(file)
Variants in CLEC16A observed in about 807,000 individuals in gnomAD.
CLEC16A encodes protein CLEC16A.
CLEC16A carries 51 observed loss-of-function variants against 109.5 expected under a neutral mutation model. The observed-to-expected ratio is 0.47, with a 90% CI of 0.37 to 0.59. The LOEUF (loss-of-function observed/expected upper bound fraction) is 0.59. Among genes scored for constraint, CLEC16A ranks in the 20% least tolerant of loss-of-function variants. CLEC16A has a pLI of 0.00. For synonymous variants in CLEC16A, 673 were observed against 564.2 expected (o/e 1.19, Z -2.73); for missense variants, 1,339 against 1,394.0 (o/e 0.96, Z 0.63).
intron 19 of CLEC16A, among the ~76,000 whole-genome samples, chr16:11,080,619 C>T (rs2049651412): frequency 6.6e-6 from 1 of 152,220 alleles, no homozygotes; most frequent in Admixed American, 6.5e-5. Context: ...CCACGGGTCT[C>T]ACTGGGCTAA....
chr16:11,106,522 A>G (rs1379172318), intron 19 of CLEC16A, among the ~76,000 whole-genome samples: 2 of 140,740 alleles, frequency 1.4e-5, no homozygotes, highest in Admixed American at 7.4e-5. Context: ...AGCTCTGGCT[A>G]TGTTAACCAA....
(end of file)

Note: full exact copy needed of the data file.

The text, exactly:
Variants in CLEC16A observed in about 807,000 individuals in gnomAD.
CLEC16A encodes protein CLEC16A.
CLEC16A carries 51 observed loss-of-function variants against 109.5 expected under a neutral mutation model. The observed-to-expected ratio is 0.47, with a 90% CI of 0.37 to 0.59. The LOEUF (loss-of-function observed/expected upper bound fraction) is 0.59. Among genes scored for constraint, CLEC16A ranks in the 20% least tolerant of loss-of-function variants. CLEC16A has a pLI of 0.00. For synonymous variants in CLEC16A, 673 were observed against 564.2 expected (o/e 1.19, Z -2.73); for missense variants, 1,339 against 1,394.0 (o/e 0.96, Z 0.63).
intron 19 of CLEC16A, among the ~76,000 whole-genome samples, chr16:11,080,619 C>T (rs2049651412): frequency 6.6e-6 from 1 of 152,220 alleles, no homozygotes; most frequent in Admixed American, 6.5e-5. Context: ...CCACGGGTCT[C>T]ACTGGGCTAA....
chr16:11,106,522 A>G (rs1379172318), intron 19 of CLEC16A, among the ~76,000 whole-genome samples: 2 of 140,740 alleles, frequency 1.4e-5, no homozygotes, highest in Admixed American at 7.4e-5. Context: ...AGCTCTGGCT[A>G]TGTTAACCAA....